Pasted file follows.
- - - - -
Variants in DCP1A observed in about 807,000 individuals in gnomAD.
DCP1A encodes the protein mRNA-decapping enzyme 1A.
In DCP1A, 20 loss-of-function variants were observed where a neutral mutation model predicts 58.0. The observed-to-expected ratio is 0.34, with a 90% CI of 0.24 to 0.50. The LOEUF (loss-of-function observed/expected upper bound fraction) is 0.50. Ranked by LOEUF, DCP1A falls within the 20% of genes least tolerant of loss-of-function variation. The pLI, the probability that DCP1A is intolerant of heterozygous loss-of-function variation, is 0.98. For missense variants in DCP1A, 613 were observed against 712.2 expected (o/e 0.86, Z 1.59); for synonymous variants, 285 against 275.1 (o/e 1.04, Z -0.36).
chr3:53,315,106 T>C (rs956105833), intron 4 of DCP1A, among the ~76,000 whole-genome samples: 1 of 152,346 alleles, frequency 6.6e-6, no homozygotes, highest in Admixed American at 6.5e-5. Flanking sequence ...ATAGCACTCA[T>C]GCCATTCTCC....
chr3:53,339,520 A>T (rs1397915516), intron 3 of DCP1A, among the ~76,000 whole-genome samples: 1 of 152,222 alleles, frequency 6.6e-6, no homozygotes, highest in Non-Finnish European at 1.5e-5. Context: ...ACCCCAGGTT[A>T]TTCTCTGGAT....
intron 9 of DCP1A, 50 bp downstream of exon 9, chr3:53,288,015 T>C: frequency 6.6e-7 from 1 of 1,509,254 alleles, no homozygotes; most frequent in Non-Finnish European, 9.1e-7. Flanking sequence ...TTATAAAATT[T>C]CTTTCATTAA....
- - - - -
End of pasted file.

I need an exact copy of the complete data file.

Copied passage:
Variants in DCP1A observed in about 807,000 individuals in gnomAD.
DCP1A encodes the protein mRNA-decapping enzyme 1A.
In DCP1A, 20 loss-of-function variants were observed where a neutral mutation model predicts 58.0. The observed-to-expected ratio is 0.34, with a 90% CI of 0.24 to 0.50. The LOEUF (loss-of-function observed/expected upper bound fraction) is 0.50. Ranked by LOEUF, DCP1A falls within the 20% of genes least tolerant of loss-of-function variation. The pLI, the probability that DCP1A is intolerant of heterozygous loss-of-function variation, is 0.98. For missense variants in DCP1A, 613 were observed against 712.2 expected (o/e 0.86, Z 1.59); for synonymous variants, 285 against 275.1 (o/e 1.04, Z -0.36).
chr3:53,315,106 T>C (rs956105833), intron 4 of DCP1A, among the ~76,000 whole-genome samples: 1 of 152,346 alleles, frequency 6.6e-6, no homozygotes, highest in Admixed American at 6.5e-5. Flanking sequence ...ATAGCACTCA[T>C]GCCATTCTCC....
chr3:53,339,520 A>T (rs1397915516), intron 3 of DCP1A, among the ~76,000 whole-genome samples: 1 of 152,222 alleles, frequency 6.6e-6, no homozygotes, highest in Non-Finnish European at 1.5e-5. Context: ...ACCCCAGGTT[A>T]TTCTCTGGAT....
intron 9 of DCP1A, 50 bp downstream of exon 9, chr3:53,288,015 T>C: frequency 6.6e-7 from 1 of 1,509,254 alleles, no homozygotes; most frequent in Non-Finnish European, 9.1e-7. Flanking sequence ...TTATAAAATT[T>C]CTTTCATTAA....